Kidney Cancer – Causes, Symptoms Diagnosis And Treatment
Kidney cancer is also called hypernefrom, clear cell carcinoma or Grawitz tumor. Represents 3% of adult cancers and 85% -90% of renal tumors. Most commonly affects the fifth and sixth decade of life, male / female ratio being 2 / 1.
Reliable cause of kidney cancer is unknown, but have been emitted etiological hypotheses that include occupational and environmental exposures, diet and chromosomal abnormalities. They were discussing of a familial kidney cancer, and one that accompanies congenital afflictions: Hippie-Lindau syndrome (it was found that 2/3 of patients with this disease develop multiple renal caner). Genetic studies have shown changes in chromosomes 3, 8 and 11, both in the hereditary kidney cancer and in the sporadically form of kidney cancer.
There are several risk factors involved in the development of kidney cancer:
- Nephropathy due to analgesic abuse;
- Genetic factors;
- Occupational exposure to cadmium;
- Gained polycystic kidney disease.
Kidney cancer develops from the epithelium of renal proximal tubules. It appears with equal frequency in both kidneys, typically in one of the kidney poles. It develops from renal coretx with continuous increase in the tissue surrounding the kidney or renal pelvis, where it can open.
Macroscopically, kidney cancer is a tumor that usually appears as a mass of variable size (3 cm to 15 cm), rounded or lobulated which protrudes on the surface of the kidney and is well demarcated. On the surface section has an orange – yellow or whitish – gray or brown color, with bleeding, necrotic and cystic areas. It gives the false impression of encapsulation by compressing the renal tissue. An important feature is the tendency of the tumor to invade the renal vein and by producing a solid column in this vessel, invade the inferior vena cava, and then giving the lung and bone metastasis.
Microscopically, kidney cancer is usually a mixed adenocarcinoma, which contains clear cells and granular cells. Clear cells are round or polygonal with abundant cytoplasm that contains cholesterol, triglycerides, glycogen and fat. Granular cells contain less glycogen and lipid, and electron microscopy shows a large number of mitochondria.
Kidney cancer is a vascular tumor with a tendency to expand either by direct invasion through the renal capsule in the surrounding tissue of the kidney or extending into renal vein. Approximately 1/3 of patients are already diagnosed with metastasis. The most common location of metastasis is in the lung, liver, bone, regional lymph nodes or the other kidney.
Symptoms of kidney cancer can be polymorphic, delaying the diagnosis. Classic triad is represented by:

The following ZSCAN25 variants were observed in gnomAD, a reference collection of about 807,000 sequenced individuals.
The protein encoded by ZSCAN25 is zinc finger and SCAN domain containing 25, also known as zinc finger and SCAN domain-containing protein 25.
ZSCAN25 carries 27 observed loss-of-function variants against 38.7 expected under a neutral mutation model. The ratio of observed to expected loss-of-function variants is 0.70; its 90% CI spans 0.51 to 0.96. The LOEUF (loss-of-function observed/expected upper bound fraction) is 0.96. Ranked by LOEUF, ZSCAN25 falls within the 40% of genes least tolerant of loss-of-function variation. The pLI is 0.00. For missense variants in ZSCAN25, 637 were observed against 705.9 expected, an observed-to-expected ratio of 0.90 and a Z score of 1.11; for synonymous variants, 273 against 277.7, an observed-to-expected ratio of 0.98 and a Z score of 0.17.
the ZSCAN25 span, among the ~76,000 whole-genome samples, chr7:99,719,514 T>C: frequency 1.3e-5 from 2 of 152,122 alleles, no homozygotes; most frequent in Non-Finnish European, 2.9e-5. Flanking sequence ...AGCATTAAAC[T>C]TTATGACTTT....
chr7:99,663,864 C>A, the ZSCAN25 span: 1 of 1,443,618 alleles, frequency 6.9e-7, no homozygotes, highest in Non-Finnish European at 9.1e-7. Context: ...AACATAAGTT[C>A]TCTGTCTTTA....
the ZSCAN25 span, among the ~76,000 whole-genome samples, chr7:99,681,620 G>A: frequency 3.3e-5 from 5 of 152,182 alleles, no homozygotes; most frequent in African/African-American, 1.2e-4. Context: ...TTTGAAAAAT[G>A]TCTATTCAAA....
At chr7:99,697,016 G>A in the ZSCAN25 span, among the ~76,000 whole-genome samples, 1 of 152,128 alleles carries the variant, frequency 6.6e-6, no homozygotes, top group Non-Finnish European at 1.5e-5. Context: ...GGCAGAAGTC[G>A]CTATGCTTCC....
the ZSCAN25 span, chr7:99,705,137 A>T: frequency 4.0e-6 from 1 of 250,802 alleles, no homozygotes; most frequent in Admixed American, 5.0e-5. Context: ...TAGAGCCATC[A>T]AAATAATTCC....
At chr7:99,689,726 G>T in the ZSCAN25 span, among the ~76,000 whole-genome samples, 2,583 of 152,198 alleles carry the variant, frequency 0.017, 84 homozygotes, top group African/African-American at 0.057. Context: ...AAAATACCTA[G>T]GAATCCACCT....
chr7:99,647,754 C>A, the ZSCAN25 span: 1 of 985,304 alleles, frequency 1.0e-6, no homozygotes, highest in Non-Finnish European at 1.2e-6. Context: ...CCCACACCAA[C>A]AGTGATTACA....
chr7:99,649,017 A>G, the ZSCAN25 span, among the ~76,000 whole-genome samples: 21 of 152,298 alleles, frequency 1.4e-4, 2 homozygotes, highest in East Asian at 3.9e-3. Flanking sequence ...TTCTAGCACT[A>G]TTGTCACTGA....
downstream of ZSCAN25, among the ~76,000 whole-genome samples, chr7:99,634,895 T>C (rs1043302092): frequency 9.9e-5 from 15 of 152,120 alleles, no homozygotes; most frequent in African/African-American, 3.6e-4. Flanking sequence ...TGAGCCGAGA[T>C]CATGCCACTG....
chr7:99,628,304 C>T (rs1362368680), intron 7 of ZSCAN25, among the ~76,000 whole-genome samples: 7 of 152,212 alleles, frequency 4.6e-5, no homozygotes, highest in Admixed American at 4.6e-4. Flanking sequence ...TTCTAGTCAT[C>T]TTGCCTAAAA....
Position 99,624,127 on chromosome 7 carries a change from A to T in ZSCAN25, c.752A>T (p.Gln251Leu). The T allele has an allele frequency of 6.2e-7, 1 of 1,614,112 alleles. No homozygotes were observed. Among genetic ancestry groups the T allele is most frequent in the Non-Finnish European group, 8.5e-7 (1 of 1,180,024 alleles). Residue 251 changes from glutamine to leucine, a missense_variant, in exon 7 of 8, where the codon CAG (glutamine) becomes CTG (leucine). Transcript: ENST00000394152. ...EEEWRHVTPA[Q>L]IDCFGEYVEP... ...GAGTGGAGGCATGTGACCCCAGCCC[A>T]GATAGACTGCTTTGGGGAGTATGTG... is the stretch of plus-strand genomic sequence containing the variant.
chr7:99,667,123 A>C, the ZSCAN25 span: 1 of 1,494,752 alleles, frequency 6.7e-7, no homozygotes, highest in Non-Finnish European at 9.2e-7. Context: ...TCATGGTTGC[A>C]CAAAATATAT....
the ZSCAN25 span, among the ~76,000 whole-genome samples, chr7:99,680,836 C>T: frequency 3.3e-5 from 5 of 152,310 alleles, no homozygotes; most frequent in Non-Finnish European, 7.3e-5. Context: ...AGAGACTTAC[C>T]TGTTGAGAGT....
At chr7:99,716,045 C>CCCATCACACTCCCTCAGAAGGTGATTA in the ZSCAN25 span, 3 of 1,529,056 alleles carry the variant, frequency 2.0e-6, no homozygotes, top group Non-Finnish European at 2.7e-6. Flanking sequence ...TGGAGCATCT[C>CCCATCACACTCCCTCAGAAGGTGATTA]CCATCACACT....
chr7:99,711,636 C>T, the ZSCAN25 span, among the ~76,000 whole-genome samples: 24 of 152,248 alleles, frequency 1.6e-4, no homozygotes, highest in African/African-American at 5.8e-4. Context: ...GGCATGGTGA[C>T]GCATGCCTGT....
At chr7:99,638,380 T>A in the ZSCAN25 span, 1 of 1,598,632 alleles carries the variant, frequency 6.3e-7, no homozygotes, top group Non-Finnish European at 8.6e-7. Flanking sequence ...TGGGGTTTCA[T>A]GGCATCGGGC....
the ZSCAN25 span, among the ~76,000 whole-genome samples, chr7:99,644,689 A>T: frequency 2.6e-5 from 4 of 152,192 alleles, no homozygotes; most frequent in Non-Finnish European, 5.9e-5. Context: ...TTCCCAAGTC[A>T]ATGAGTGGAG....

- Macroscopic hematuria;
- Pain in the flank;
- Palpable tumor mass, which represents an advanced manifestation and occur in 10% – 15% from cases.
Sometimes the first symptoms may be caused by metastasis, such as dyspnea or cough, and bone pain.
There may be associated with kidney cancer: poliglobulia, hypertension, hypercalcemia and non-metastatic hepatic dysfunction.
Poliglobulia may occur in 10% of patients, the consequence of eritriopoetin secretion from the tumor or because of regional renal hypoxia.
Hypertension occurs in 40% of cases, possibly through the release of renin by the tumoral tissue.
Hypercalcemia occurs as a consequence of the release of parathyroid-like protein from the tumor or bone calcium mobilization in case of metastases.
Non-metastatic hepatic dysfunction (Stauffer syndrome), with increased alkaline phosphatase and increased bilirubin, hypoalbuminemia, prolonged prothrombin time, hyper-gammaglobulinemia, is possibly caused by one tumoral product which is hepatotoxic.
The presence of paraneoplazic syndrome is not a factor of poor prognostic and its persistence suggests the existence of metastasis after nephrectomy.
- Laboratory – besides the changes described above, may occur anemia, hematuria and ESR acceleration.
- Renal Echography – passed on the first place in detecting and assessing kidney cancer. Kidney cancer occurs as a formation of mixed echogenicity in one renal pole, typically round, with possible calcifications or necrosis inside. Echography, besides location and dimensions, may reveal the existence of mobility of the kidney and associated adenopathy.
- CT scan – confirm the diagnosis of kidney cancer, contributing to the staging by viewing renal hilum, the tissue surrounding the kidney, renal vein and inferior vena cava visualization and regional adenopathy visualization.
- Intravenous urography – may be view the central or peripheral calcifications in direct radiography and urography may reveal changes which are made by a expansive process: amputation of an renal calyx, increasing the distance between the calyx. Sometimes kidney may be radiologicaly muted by parenchyma damage or compression.
- Magnetic resonance imaging – is a diagnostic method of kidney cancer which is superior than CT scan.
The only possible and necessary treatment for kidney cancer is surgical and consists in total nephrectomy with respecting the oncological principles. Adjuvant methods such as radiotherapy, chemotherapy and hormone therapy were less effective and sometimes are used with palliative purpose.